Which is the Best Color Space for Photography: sRGB or Adobe RGB?
Have you ever tried mixing and experimenting with colors? Were there times when you mixed red with a little bit of green and a dash of blue, and were amazed at the new color you came up with? This is basically what a color space is all about.
A color space pertains to a range of colors that a particular photo represents. It is found in the color gamut, which is where you’ll see an entire color tone universe. Color space allows you to choose and adjust the color detail level that your camera will record. It comes in different sizes. The bigger the space is; the more color combinations it will have, and your camera will capture more colors.
In your computer, color spaces appear like tables that communicate to the monitor so that the right colors will come out onscreen.
In a digital camera – a DSLR – you’ll find color space in settings. Two options are displayed for you: sRGB and AdobeRGB. Although both can give you the results you need, there are some significant differences between the two. As such, it is important to choose the right type of color space to use before you begin to take photos.
sRGB vs. AdobeRGB: Characteristics and Qualities
sRGB (or standard red, green, blue) is the most common, widely used color space. RGB stands for Red-Green-Blue, all primary colors. sRGB combines the three colors in all the ways possible, for example: red and blue or red and green; or blue and green. You can come up with as many combinations as you want – so this means you can create new colors.
AdobeRGB, on the other hand, has more color or color tone varieties than sRGB. Compared to sRGB, it gives you at least 35% more ranges. There are some photographers, however, who say that AdobeRGB has the same range of colors as sRGB – over 16 million – and that their only difference lies in how many colors each can display.
This basically works like two different cameras working with an 18MP sensor. The photographer who uses a full-frame sensor will get better color tones and ranges compared to the one who uses a camera with a smaller sensor. The full frame sensor is comparable to AdobeRGB while the smaller one works similarly like sRGB.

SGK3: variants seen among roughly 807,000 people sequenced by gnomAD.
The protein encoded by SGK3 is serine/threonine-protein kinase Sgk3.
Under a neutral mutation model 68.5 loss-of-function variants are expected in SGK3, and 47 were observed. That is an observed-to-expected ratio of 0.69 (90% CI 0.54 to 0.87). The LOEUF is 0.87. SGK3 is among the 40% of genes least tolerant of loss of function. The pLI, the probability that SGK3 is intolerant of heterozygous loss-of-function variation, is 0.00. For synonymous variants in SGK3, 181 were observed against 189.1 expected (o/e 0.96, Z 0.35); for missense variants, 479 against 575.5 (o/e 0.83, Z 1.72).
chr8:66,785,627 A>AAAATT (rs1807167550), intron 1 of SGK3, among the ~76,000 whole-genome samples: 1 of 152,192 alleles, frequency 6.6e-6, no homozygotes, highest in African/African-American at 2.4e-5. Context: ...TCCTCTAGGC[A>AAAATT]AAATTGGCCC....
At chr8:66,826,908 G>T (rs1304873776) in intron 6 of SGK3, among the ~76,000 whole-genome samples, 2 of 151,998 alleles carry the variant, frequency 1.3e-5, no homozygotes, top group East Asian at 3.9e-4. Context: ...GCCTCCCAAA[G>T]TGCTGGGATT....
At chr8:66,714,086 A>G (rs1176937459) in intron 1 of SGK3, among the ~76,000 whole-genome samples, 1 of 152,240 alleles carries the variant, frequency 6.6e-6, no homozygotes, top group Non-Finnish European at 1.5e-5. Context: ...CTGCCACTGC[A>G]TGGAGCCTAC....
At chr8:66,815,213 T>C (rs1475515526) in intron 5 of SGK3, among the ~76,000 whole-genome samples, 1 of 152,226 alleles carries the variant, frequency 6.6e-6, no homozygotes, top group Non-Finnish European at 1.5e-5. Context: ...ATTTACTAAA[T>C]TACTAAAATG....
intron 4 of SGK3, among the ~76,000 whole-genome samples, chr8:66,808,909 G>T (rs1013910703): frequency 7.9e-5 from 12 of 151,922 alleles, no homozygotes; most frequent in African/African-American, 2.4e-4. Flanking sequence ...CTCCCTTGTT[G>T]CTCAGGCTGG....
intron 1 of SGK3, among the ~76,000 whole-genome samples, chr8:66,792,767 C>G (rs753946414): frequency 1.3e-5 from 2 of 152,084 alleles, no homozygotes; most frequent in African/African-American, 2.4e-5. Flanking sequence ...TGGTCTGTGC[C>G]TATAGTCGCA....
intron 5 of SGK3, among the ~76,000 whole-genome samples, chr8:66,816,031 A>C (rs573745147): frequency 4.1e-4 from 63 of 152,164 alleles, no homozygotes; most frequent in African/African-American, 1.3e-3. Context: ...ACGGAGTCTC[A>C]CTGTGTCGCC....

Another good example when comparing the two color spaces is with watercolors. You have two sets of watercolors, but one only has 10 colors while the other one has 24 colors. The one with 10 is sRGB while the one that gives you 24 color options is AdobeRGB. AdobeRGB colors are also more vibrant compared to those created by sRGB.
Whether that’s a good or a bad thing when it comes to photography is what we’ll try to dive into. Let’s talk about each space separately.
If you look at your camera’s settings, you’ll probably see that it’s set to sRGB. This is because sRGB is the default setting of practically every digital camera nowadays.
Created in 1996 by Microsoft and HP, sRGB was already around before AdobeRGB was conceptualized. As such, computers, applications, devices, video games, and even the Internet were built with sRGB in mind. So it is the standard color space. What this means is that your computer is designed to display more than 95% of the sRGB color gamut.
While this is good news, it can also be bad news for some photographers. Why? Because our computers – majority of them, anyway – are designed to automatically convert photos in AdobeRGB to sRGB – and the results aren’t really exciting or eye-catching.